Tag Archives: Oprah Winfrey

TSU Alum and Celebrated Actor L. Warren Young Returns to Alma Mater to Inspire Students

NASHVILLE, Tenn. (TSU News Service) – Tennessee State University alumnus and celebrated actor L. Warren Young speaks with nostalgia when he recalls piling into a room with other budding thespians during his freshman year at Tennessee State University.

L. Warren Young

“They had everybody in the speech and drama department to meet in one room.  I think it was like 50 or 60 people there, and the instructors were talking to us. Everybody was like ‘Yeah man!  We’re going to do this man!  I’m going to be a movie star!  I’m going to be in this play and get in this movie!’ Everybody had such high hopes,” said Young, who television viewers from around the world can watch currently as the recurring character Fred Williams from the hit TV series Greenleaf. “Out of the 50 to 60 people who were in the room at that moment, I am the only one left.  The odds are against you, but you can beat the odds.”

Young spoke in the Strange Performing Arts Building in Rehearsal Hall on April 8. He expressed excitement about returning to Tennessee State University to share with students some of the insights he has learned from being in the acting industry for almost five decades.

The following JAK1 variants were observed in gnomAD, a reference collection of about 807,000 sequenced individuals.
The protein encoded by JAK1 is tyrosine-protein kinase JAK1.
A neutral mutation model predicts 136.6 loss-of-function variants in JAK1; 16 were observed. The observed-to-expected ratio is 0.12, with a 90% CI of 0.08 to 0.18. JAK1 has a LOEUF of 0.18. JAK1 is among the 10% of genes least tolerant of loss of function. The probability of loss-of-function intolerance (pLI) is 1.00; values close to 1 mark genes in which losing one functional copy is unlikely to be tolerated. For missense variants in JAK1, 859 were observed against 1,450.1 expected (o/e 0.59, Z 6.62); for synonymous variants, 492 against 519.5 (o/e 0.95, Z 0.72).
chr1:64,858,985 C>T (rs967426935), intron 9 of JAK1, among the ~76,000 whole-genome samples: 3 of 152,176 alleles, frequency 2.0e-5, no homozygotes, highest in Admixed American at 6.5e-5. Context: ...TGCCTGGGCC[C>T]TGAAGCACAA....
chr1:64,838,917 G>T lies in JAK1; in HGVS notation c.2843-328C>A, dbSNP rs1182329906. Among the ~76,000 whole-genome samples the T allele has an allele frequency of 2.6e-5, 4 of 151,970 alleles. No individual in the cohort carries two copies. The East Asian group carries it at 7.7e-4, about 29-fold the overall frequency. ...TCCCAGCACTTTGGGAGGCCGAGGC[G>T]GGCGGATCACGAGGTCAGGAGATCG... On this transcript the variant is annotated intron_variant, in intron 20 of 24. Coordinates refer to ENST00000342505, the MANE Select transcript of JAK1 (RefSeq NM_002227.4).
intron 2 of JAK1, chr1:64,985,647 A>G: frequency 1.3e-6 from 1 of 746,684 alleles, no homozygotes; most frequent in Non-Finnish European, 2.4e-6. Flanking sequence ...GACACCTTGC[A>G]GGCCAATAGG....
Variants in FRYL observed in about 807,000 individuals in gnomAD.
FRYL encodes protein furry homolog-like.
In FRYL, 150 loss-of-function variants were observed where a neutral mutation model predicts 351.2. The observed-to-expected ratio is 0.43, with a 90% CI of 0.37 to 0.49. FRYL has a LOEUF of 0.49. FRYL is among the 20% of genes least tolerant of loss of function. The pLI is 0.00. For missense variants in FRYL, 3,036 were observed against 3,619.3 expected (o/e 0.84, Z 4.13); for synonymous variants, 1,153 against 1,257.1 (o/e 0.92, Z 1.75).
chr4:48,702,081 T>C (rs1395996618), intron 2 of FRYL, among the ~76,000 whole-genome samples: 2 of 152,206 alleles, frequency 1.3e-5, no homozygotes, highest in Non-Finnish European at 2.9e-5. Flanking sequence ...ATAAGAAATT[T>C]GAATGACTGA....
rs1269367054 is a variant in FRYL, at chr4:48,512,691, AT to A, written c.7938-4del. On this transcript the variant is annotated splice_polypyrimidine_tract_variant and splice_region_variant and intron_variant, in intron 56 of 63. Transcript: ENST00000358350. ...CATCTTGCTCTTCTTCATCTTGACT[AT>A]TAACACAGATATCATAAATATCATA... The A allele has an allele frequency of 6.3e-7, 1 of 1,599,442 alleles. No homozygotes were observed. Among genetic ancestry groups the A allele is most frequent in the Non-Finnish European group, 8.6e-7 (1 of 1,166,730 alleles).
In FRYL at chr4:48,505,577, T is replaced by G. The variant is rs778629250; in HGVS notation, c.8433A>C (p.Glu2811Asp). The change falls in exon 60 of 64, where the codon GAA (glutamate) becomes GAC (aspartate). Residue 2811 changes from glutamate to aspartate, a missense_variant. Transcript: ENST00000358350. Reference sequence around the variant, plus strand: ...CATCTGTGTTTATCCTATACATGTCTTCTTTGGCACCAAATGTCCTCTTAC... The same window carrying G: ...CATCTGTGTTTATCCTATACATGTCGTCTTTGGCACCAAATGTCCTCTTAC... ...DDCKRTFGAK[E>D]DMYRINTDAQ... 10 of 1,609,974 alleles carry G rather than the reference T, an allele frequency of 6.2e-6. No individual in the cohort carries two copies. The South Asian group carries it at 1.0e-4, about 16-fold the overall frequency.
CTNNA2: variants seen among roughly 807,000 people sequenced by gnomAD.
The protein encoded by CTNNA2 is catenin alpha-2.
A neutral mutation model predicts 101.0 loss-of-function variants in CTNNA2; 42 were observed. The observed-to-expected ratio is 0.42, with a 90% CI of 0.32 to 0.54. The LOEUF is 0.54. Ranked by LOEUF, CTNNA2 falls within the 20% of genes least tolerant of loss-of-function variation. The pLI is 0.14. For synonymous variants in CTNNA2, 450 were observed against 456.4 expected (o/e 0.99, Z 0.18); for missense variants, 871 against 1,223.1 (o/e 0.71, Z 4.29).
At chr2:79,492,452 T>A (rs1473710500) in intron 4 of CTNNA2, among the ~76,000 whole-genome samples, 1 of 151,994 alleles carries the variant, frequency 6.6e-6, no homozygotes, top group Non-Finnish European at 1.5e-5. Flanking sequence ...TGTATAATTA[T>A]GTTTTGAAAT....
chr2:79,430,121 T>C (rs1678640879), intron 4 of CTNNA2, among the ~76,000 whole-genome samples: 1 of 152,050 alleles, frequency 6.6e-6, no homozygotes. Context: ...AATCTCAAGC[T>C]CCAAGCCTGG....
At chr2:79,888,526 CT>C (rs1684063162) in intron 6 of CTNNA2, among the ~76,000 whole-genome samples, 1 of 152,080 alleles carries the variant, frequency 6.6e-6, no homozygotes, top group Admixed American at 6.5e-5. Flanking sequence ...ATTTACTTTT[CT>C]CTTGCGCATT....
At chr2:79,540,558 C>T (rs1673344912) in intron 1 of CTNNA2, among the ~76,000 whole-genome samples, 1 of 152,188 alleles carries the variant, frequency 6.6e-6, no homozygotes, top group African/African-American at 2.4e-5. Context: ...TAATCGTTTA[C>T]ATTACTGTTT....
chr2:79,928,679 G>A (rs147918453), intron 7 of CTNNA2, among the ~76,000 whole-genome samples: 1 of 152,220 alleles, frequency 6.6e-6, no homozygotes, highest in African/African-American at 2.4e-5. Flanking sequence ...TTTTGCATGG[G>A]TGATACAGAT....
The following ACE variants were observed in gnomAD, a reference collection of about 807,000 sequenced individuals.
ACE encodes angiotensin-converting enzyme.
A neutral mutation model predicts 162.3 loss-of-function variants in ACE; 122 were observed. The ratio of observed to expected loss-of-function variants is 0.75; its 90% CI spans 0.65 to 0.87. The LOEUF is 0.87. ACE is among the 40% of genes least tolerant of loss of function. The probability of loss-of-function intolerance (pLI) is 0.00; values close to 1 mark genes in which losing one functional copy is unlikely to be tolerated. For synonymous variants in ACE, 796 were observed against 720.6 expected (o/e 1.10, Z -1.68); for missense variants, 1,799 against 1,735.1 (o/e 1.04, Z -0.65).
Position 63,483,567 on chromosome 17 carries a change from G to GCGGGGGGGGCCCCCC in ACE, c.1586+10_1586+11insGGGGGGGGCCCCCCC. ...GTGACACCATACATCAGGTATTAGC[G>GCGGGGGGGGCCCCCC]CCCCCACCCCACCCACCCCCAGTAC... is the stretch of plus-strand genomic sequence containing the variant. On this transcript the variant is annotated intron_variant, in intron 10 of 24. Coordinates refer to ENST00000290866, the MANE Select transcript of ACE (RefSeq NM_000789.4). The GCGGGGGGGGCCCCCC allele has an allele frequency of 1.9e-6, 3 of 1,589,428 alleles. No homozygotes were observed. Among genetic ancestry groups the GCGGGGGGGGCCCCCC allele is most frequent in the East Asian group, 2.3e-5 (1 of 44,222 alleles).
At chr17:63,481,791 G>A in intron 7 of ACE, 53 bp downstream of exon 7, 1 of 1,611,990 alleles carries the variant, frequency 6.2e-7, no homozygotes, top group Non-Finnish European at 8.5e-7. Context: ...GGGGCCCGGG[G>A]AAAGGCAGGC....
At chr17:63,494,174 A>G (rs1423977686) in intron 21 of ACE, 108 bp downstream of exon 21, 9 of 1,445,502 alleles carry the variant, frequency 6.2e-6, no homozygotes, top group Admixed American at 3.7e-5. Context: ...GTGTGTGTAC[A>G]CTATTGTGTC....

“I’ve been in this business for 47 years.  I’ve raised a family.  I’ve had to do other jobs and things like that, but I’ve always had my eye on the prize.  And as they say, I’m not finished yet,” he said.

Oprah Winfrey, Tyler Perry, Matthew McConaughey, Meagan Good and Will Ferrell represent just a few of the many well known actors Young has collaborated with on the set of countless TV shows and films including “Daddy’s Little Girls,” “The Blind Side,” “Saints and Sinners,” “Shots Fired,” “The Game, “Bessie,” “Meet The Browns,” “Nashville,” and “We Are Marshall.”

TSU senior professor of theatre and award-winning director Lawrence James said Young’s visit is a tremendous experience for students, as well as the entire TSU campus community.

L. Warren Young (middle) on the set of TV Series Greenleaf.

“It’s good to have beacons of light and success. This is an opportunity for the students to get up close and personal with someone who is a success,” James said. “We are always wanting to have role modes for our students, and to have someone of LaParee’s caliber and success to come and talk to the students should be extremely rewarding for them.”

Young, who entered TSU with a music scholarship and played trombone with the Aristocrat of Bands, also recalls being a member of the T.E. Poag Players Guild and Theta Alpha Phi National Honorary Dramatic Fraternity. He credits many of his TSU professors with teaching him skills he uses as a professional actor.

“One of the major forces in my career as a student was a mentor, and Oprah Winfrey’s mentor as well, W. Drury Cox.  He was the one,” Young said.  “A very knowledgeable man, a very sound man, a very personable man, and a very caring man. The four years I was at Tennessee State, it was amazing to have him as a mentor.”